"If true, WADA's alleged actions also harmed individual competitors in Tokyo. The athletes who tested positive should never have been allowed to compete. These athletes took medals from their competitors, denying them their moment on the Olympic podium and the sponsorship money and platform that come with Olympic success.

"Unfortunately, today's news is not unique. Since the Russian doping scandal in the early 2010s, WADA's leadership has repeatedly failed to protect clean athletes. Conflicts of interest have undermined WADA's effectiveness and, over the last several years, have led to unethical anti-doping decisions based on politics instead of principle.

"Additionally, some WADA members have engaged in outright corruption. For example, former WADA board member Tamas Ajan was expelled from international sport for covering up positive doping tests. And just last week, former board member Anders Besseberg was convicted of accepting bribes from Russia. Both Ajan and Besseberg were active WADA members when this corruption occurred.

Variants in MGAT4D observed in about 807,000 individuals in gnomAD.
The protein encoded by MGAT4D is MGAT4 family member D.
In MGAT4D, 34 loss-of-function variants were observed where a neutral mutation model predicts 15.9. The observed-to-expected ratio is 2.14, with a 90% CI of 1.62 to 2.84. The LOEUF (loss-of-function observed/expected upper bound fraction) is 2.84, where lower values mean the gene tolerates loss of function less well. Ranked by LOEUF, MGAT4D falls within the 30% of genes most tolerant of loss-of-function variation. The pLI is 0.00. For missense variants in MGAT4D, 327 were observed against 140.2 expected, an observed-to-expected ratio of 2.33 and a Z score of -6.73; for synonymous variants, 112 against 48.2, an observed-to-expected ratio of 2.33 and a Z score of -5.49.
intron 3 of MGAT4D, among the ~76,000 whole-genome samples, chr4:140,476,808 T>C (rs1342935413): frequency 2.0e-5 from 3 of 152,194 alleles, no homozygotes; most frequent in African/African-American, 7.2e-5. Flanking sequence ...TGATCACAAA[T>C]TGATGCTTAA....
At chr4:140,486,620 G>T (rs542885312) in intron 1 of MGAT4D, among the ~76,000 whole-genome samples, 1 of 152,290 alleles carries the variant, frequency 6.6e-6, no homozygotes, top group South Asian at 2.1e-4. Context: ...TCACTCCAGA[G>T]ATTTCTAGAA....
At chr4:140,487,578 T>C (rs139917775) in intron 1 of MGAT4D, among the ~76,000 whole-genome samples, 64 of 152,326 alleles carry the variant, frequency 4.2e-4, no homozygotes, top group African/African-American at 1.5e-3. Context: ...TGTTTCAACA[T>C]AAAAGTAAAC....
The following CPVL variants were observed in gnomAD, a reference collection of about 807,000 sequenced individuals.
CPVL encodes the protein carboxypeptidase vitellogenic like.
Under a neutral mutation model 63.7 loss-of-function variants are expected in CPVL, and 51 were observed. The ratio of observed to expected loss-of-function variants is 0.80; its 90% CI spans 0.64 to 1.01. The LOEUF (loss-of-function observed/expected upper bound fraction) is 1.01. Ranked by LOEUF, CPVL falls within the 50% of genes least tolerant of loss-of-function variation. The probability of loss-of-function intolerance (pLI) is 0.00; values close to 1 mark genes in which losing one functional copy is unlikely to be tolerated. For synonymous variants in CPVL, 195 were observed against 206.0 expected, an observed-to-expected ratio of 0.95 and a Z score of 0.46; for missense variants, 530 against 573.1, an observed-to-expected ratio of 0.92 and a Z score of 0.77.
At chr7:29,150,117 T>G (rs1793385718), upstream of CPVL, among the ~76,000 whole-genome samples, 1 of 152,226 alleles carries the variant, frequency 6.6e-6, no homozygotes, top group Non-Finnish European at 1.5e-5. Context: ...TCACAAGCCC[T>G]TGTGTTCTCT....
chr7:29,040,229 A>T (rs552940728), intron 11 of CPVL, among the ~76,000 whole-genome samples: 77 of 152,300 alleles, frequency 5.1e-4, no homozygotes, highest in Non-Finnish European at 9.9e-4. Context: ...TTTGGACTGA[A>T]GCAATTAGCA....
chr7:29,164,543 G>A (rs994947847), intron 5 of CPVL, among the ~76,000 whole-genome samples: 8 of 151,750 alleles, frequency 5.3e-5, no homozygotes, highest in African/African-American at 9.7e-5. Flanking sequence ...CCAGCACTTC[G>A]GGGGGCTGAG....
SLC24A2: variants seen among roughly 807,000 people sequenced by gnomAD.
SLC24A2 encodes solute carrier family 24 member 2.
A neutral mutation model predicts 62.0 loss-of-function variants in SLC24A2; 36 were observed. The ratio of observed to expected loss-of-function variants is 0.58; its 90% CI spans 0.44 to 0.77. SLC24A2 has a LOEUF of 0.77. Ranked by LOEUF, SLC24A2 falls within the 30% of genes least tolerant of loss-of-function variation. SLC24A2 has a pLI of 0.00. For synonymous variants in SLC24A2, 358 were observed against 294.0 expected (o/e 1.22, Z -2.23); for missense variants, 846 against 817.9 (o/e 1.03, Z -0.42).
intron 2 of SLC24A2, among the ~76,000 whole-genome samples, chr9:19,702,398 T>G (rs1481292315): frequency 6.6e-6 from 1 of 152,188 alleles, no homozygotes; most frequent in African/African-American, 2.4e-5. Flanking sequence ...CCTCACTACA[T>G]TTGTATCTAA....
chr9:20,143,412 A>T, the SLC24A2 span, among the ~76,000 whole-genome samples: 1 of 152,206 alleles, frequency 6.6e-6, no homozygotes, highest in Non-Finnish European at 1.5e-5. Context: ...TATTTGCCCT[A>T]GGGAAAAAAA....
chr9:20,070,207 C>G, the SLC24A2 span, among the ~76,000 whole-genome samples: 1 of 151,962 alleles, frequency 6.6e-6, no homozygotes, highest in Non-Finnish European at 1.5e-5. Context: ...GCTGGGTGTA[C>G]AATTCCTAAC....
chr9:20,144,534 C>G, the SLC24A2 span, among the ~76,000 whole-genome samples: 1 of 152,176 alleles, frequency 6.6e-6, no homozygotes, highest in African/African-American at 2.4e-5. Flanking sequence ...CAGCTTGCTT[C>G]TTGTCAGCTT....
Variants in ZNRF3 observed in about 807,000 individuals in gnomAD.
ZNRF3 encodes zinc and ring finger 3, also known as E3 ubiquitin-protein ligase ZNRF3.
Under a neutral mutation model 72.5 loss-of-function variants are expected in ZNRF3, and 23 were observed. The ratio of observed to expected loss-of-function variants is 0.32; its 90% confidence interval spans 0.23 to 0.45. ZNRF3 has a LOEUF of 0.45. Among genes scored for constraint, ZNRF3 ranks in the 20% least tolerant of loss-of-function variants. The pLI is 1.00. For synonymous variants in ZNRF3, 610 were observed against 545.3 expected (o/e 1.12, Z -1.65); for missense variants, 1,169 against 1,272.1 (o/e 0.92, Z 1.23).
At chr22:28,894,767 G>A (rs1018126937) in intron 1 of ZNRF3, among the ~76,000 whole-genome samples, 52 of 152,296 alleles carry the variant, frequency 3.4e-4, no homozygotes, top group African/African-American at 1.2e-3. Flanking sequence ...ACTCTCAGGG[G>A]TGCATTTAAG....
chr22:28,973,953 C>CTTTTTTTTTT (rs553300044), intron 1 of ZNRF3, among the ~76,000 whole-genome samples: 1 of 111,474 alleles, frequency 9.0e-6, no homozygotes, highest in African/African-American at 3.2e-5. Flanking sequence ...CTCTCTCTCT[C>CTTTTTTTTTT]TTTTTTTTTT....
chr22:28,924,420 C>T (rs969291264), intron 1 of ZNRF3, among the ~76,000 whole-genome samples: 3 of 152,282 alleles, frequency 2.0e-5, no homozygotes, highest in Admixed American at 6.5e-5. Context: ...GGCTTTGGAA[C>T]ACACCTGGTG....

"Until WADA releases its files and proves it has acted properly, it is time for the system to be dismantled and rebuilt with an independent and professional leadership that affords power and equal voice to independent athlete representatives to ensure that the system serves and protects athletes, not sporting organisations or political agendas."

The United States Anti-Doping Agency (USADA) has also been fiercely critical with WADA threatening legal action against USADA CEO Travis Tygart. A WADA statement called Tygart's allegations "politically motivated and designed to undermine WADA's work to protect clean sport around the world".

WADA also revealed, "USADA contacted WADA in early 2023 based on a tip it had received about an alleged cover-up involving these cases but unfortunately was unable to provide any evidence whatsoever."